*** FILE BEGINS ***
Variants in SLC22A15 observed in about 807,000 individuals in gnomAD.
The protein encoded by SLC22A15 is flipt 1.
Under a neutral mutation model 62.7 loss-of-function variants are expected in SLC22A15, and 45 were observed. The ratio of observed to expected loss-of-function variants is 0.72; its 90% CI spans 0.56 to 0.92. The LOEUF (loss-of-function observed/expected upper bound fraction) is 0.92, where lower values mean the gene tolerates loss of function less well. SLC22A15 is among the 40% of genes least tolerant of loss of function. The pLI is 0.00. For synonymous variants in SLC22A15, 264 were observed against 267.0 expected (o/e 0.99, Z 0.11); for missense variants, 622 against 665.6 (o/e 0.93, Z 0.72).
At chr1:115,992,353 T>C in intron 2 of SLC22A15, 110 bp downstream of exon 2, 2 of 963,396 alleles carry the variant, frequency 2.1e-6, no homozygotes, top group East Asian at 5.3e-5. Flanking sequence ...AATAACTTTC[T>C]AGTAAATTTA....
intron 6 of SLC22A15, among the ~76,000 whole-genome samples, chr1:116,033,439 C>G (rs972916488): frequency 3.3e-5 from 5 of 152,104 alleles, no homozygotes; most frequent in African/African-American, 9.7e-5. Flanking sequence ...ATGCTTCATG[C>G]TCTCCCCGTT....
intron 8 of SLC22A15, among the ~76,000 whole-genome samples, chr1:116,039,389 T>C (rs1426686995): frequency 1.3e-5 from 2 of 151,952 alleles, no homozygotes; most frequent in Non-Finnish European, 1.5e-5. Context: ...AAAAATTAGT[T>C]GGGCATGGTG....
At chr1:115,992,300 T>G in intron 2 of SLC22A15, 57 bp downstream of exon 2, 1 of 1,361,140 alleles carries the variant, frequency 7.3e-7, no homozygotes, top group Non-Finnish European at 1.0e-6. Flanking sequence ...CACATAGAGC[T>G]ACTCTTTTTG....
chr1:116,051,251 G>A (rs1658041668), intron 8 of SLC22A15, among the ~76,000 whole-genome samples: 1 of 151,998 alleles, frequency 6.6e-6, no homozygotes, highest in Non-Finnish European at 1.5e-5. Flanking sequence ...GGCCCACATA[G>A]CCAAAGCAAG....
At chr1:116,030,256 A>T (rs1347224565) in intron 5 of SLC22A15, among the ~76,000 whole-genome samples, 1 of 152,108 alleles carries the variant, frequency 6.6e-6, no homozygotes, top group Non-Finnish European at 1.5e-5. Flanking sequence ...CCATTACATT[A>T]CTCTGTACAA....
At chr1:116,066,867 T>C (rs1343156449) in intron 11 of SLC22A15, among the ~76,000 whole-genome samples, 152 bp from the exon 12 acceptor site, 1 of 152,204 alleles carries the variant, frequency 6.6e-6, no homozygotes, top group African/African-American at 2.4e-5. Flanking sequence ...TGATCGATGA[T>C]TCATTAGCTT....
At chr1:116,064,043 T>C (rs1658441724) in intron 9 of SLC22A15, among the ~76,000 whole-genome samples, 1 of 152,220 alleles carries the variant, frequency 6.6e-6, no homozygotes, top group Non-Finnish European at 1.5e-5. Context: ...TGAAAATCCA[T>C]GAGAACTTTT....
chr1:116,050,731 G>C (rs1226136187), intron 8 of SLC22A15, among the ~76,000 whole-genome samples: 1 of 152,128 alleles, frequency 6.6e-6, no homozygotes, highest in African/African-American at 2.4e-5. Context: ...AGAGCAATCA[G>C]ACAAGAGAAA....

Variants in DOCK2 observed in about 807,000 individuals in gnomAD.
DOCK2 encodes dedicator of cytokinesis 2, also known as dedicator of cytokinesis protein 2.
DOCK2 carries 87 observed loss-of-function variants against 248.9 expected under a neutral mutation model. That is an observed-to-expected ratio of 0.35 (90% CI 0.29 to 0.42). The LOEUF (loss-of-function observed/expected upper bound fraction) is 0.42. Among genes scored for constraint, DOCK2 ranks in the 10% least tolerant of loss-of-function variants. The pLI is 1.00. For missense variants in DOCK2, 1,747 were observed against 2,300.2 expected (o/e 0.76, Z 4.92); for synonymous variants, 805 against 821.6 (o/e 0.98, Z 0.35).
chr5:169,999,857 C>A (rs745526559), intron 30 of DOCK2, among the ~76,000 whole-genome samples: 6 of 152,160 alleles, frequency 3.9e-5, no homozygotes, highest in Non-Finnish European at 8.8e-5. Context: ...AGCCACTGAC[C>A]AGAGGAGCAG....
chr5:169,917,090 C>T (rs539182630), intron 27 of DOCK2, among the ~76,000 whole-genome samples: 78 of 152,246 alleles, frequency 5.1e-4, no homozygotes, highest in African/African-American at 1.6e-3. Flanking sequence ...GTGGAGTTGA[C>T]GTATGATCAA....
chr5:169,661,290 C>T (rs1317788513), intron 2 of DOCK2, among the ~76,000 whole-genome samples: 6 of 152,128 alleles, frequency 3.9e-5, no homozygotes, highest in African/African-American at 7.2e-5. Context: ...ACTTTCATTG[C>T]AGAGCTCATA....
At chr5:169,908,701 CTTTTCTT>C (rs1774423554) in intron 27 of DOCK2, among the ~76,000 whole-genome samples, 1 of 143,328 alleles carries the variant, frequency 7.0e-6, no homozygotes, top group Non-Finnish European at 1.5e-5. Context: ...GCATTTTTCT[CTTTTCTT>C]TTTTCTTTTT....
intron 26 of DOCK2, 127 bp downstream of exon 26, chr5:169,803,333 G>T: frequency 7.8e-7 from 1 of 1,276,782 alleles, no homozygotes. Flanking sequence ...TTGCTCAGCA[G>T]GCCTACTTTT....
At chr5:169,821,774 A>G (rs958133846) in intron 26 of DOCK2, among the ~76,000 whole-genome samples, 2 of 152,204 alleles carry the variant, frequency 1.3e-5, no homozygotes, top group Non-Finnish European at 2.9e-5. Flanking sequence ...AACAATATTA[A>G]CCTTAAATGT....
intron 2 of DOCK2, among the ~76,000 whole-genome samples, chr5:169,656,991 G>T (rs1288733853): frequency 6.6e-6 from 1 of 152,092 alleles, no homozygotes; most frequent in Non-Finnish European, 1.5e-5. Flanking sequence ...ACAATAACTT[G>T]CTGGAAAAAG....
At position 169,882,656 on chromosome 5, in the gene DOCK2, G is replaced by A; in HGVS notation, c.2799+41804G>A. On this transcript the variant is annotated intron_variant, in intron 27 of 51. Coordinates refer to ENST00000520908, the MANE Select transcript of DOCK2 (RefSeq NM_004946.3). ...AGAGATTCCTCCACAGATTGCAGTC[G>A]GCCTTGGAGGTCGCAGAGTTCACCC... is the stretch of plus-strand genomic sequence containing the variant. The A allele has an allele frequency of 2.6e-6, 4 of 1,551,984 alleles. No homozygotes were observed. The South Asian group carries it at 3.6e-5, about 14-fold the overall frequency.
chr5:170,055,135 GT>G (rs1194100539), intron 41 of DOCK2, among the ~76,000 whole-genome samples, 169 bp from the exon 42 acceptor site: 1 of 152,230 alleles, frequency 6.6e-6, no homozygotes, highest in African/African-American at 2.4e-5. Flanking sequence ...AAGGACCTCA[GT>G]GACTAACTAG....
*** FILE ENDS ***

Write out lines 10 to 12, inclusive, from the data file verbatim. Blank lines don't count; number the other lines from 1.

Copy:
At chr1:116,066,867 T>C (rs1343156449) in intron 11 of SLC22A15, among the ~76,000 whole-genome samples, 152 bp from the exon 12 acceptor site, 1 of 152,204 alleles carries the variant, frequency 6.6e-6, no homozygotes, top group African/African-American at 2.4e-5. Flanking sequence ...TGATCGATGA[T>C]TCATTAGCTT....
At chr1:116,064,043 T>C (rs1658441724) in intron 9 of SLC22A15, among the ~76,000 whole-genome samples, 1 of 152,220 alleles carries the variant, frequency 6.6e-6, no homozygotes, top group Non-Finnish European at 1.5e-5. Context: ...TGAAAATCCA[T>C]GAGAACTTTT....
chr1:116,050,731 G>C (rs1226136187), intron 8 of SLC22A15, among the ~76,000 whole-genome samples: 1 of 152,128 alleles, frequency 6.6e-6, no homozygotes, highest in African/African-American at 2.4e-5. Context: ...AGAGCAATCA[G>C]ACAAGAGAAA....